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Initially, the Great War was received euphorically by many writers and philosophers, including Max Weber, Martin Buber and Max Scheler along with Georg Simmel. For Simmel, the war was synonimous with a greater pace of life, a form of dealing with / overcoming the levelling of society caused by the worshipping of money (´Mammonismus`). This exaltation of the war on the part of intellectuals was not common to all – the harsh criticisms of Simmel´s enthusiasm for the war on the part of Georg Lucácz and Ernst Bloch are well-known. Regarding Stefan George, in 1901 Simmel had written: ´His art has been known since its beginning for the wish to act exclusively like an art (...) the fundamental change is complete: that on the contrary, all content is merely the means for forming values that are purely aesthetics.` Therefore, in the aesthetic of Stefan George, Simmel acknowledges the reason that George will reject the war – contrary to many members of George´s circle (George-Kreis) and has its expression in the poem ´The War`, first published in 1917. This contribution seeks to demonstrate the philosophical and aesthetical reasons for enthusiasm for the war and its rejection by Simmel and George, attitudes that are not able to be explained by the opposition to militarism/pacifism that is normally deployed to distinguish between supporters and critics of the war.
7. Philosophica: International Journal for the History of Philosophy: Volume > 23 > Issue: 46
Dirk Michael Hennrich Tragische Dispositionen der Moderne. Stimmung und Aura im Wandel des Landschaftsbegriffs
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The present text deals with the relation between the consolidation and the development of landscape-painting and the concept of landscape during the 19th century and the catabasis of a certain economy of disposition until our days. The process of the transformation and overcoming of landscape-painting reflects the decadence of an entire epoch, influencing the introduction of the dispositions into philosophy, as well the initiation of a new philosophical discipline, the Philosophy of Landscape.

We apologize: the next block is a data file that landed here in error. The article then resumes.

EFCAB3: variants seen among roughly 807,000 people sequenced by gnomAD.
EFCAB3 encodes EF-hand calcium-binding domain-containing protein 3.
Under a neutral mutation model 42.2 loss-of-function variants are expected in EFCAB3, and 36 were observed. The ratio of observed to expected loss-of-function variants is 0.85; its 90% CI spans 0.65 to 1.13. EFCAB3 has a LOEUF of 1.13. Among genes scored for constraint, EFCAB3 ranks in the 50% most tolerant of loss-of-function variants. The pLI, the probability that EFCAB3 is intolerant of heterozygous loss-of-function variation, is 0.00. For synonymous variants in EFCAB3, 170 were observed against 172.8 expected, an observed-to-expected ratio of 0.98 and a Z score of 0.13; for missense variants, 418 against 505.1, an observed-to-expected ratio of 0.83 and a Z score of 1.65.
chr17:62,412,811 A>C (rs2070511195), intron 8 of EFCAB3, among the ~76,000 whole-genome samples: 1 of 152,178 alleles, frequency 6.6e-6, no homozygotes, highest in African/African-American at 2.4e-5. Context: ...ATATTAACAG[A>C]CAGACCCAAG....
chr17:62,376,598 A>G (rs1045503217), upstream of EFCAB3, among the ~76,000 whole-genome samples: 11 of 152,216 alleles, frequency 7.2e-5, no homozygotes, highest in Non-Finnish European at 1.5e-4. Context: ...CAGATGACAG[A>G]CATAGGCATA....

8. Philosophica: International Journal for the History of Philosophy: Volume > 20 > Issue: 39
Fernando Manuel Ferreira da Silva Das Gespräch Zwischen Hölderlin, Hegel und Schelling Über Kants Antinomien
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«Die Art, wie er den Mechanismus der Natur mit ihrer Zweckmäßigkeit vereiniget, scheint mir eigentlich den ganzen Geist seines Systems zu enthalten»; This quotation, which originated the present essay, is solely extracted from a letter sent by Hölderlin to Hegel, and yet, it condensates three different approaches from the three Tübingen friends to the problem of Kant’s philosophy of religion and to its possible resolution between 1795 and 1796. From this epistolary dialogue emerges a simultaneous study of Kant, originated by the growing dissension towards the orthodox thought of the Stift. The tuming point - or the maximum cumulative point - of this discordance happens precisely with the discovery of the «spirit of Kant’s System», as a combined explanation of the religious and philosophical phenomena [«Die Art, wie er den Mechanismus der Natur mit ihrer Zweckmässigkeit vereiniget»]. This, I think, is something which the three friends discover gradually and not independently from the concept of «providence», which Kant himself, according to Hölderlin, had used to «attenuate his antinomies», which Hegel uses in his first religious writings and the initial formation of his own philosophy and which Schelling will later explore in his System of Transcendental Idealism. In a word, providence is consensually the comprehension axis between man, God and nature and, thus, the explanatory link between the antinomical poles which regulate human existence. On the other hand, however - this being the aspect I would like to stress - , this decisive moment for a whole generation, for the history of philosophy itself, means the consummation of a new revolutionary perspective born in Kant, a new vision of the absolute and the divine and, therefore, a new way to write philosophy about philosophy, less philosophical than before, to the extent that the new situation of man and his reflection within the problem ultimately destined them - as is the case in the three young philosophers - to silence and death. The final aim of this essay is, therefore, to know what this «last step of philosophy» is and what dies along with it, what such a step may have meant and what it already foretold in terms of the development of philosophy.